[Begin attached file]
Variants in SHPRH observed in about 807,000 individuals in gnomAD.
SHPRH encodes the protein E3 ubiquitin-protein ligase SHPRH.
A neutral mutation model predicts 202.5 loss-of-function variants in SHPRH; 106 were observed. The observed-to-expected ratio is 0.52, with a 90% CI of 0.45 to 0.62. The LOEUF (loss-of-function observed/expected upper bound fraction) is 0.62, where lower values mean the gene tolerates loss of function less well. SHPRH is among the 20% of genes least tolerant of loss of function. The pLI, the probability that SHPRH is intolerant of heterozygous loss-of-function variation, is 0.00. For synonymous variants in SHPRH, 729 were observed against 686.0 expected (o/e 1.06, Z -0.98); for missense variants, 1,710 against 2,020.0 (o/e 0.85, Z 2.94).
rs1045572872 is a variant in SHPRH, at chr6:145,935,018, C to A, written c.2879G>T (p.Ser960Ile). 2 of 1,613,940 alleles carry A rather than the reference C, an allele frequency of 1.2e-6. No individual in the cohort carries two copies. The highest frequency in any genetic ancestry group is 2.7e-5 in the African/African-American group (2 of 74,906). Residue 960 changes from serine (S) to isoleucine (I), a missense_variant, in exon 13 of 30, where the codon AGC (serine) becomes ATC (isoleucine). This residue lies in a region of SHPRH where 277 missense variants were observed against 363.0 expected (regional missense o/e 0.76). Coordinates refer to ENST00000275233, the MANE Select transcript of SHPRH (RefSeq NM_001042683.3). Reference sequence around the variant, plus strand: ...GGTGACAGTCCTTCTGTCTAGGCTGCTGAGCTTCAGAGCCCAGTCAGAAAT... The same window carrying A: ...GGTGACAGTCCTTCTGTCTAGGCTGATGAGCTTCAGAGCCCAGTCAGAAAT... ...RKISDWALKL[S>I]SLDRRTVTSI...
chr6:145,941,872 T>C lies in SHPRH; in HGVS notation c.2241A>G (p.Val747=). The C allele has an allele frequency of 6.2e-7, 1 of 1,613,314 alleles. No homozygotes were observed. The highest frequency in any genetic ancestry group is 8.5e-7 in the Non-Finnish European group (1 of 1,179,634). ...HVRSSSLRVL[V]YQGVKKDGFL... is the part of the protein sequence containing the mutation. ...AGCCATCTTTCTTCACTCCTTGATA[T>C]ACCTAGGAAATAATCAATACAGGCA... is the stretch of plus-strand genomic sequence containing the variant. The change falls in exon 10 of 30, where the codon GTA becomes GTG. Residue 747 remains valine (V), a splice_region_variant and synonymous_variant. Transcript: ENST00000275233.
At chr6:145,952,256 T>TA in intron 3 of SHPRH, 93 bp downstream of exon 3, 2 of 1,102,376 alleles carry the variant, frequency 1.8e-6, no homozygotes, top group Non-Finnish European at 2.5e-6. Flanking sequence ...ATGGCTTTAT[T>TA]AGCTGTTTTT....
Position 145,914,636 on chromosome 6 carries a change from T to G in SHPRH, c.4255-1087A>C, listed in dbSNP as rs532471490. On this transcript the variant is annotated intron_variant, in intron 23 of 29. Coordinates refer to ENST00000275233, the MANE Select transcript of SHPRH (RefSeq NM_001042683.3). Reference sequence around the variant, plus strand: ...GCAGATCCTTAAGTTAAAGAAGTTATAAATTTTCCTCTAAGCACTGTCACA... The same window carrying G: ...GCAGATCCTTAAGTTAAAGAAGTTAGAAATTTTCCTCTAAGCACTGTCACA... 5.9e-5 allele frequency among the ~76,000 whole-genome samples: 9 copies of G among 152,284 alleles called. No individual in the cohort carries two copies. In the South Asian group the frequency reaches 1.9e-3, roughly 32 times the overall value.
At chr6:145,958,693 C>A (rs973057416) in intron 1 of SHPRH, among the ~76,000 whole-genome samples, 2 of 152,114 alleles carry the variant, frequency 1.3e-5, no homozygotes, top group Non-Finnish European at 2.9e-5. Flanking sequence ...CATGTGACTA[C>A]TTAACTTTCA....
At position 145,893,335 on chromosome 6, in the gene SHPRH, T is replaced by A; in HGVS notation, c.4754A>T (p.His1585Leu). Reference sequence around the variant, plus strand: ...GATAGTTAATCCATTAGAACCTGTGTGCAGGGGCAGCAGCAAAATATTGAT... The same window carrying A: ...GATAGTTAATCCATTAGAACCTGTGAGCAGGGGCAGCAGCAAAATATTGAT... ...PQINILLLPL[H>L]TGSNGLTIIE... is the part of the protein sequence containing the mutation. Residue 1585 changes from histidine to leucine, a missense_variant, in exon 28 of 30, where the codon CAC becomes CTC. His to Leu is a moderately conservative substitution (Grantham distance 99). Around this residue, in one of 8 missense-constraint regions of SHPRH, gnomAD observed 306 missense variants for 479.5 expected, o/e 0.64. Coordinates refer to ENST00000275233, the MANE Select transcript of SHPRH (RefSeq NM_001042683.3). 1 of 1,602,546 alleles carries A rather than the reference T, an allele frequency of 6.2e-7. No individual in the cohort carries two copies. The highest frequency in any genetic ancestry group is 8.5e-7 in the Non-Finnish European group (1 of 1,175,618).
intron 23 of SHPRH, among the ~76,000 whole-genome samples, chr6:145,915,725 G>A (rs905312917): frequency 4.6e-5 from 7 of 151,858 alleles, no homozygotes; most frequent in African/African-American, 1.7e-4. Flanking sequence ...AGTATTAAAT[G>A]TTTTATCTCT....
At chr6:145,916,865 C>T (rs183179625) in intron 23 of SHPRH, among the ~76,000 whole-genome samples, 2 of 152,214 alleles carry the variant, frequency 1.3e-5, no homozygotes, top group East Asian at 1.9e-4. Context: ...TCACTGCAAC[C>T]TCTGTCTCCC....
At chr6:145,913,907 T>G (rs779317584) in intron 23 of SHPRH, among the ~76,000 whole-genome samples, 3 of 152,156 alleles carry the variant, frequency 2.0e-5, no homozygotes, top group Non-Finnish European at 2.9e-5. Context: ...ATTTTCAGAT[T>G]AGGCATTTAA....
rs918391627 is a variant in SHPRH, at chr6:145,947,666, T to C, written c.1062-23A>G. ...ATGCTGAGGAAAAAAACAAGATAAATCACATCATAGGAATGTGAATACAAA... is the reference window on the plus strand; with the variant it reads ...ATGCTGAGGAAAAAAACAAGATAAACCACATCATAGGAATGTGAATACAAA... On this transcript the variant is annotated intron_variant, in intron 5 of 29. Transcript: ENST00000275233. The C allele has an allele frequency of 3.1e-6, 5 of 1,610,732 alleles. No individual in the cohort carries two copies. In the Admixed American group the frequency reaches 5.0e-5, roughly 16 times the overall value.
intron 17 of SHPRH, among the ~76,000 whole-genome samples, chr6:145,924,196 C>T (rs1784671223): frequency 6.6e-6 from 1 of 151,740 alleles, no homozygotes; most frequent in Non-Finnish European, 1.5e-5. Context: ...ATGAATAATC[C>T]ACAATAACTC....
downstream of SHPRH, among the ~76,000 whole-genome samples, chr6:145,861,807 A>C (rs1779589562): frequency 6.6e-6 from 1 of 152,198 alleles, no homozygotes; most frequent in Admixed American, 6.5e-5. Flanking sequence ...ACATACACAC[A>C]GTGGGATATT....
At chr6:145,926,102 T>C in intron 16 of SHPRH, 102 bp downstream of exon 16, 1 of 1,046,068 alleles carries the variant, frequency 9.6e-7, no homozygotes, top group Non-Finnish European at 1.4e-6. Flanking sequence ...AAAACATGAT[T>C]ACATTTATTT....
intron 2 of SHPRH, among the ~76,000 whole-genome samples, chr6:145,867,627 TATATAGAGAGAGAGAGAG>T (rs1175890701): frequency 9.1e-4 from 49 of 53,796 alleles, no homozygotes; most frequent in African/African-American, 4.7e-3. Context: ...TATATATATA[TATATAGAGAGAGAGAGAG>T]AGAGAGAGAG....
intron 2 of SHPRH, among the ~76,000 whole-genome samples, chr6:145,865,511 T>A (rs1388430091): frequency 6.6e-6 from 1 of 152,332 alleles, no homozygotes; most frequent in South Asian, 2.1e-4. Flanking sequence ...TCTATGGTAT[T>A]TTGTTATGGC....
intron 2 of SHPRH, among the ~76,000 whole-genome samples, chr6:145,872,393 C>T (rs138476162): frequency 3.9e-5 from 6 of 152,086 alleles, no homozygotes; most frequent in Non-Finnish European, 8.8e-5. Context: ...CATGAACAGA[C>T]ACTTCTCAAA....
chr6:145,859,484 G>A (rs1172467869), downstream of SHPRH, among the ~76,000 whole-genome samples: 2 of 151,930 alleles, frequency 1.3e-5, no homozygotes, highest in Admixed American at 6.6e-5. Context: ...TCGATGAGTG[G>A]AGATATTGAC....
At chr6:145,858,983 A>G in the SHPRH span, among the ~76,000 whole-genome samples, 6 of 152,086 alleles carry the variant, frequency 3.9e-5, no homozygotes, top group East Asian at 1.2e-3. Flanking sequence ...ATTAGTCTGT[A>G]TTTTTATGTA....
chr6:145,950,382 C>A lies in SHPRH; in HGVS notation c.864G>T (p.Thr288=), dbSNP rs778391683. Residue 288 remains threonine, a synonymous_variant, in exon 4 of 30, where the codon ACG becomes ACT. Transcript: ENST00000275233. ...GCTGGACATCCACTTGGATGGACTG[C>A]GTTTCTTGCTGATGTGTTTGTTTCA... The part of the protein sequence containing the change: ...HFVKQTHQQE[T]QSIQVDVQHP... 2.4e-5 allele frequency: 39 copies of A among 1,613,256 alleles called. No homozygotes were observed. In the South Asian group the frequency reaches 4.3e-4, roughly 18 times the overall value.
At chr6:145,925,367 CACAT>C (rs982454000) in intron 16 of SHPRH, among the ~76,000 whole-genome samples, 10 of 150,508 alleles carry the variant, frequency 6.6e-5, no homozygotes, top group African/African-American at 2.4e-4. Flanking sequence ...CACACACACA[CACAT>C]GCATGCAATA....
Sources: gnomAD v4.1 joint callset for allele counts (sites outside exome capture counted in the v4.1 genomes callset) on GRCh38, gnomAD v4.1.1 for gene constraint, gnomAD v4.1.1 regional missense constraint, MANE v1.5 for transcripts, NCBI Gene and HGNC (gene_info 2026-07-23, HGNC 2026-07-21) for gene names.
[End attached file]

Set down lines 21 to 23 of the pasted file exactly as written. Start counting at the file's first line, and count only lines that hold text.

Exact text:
At chr6:145,858,983 A>G in the SHPRH span, among the ~76,000 whole-genome samples, 6 of 152,086 alleles carry the variant, frequency 3.9e-5, no homozygotes, top group East Asian at 1.2e-3. Flanking sequence ...ATTAGTCTGT[A>G]TTTTTATGTA....
chr6:145,950,382 C>A lies in SHPRH; in HGVS notation c.864G>T (p.Thr288=), dbSNP rs778391683. Residue 288 remains threonine, a synonymous_variant, in exon 4 of 30, where the codon ACG becomes ACT. Transcript: ENST00000275233. ...GCTGGACATCCACTTGGATGGACTG[C>A]GTTTCTTGCTGATGTGTTTGTTTCA... The part of the protein sequence containing the change: ...HFVKQTHQQE[T]QSIQVDVQHP... 2.4e-5 allele frequency: 39 copies of A among 1,613,256 alleles called. No homozygotes were observed. In the South Asian group the frequency reaches 4.3e-4, roughly 18 times the overall value.
At chr6:145,925,367 CACAT>C (rs982454000) in intron 16 of SHPRH, among the ~76,000 whole-genome samples, 10 of 150,508 alleles carry the variant, frequency 6.6e-5, no homozygotes, top group African/African-American at 2.4e-4. Flanking sequence ...CACACACACA[CACAT>C]GCATGCAATA....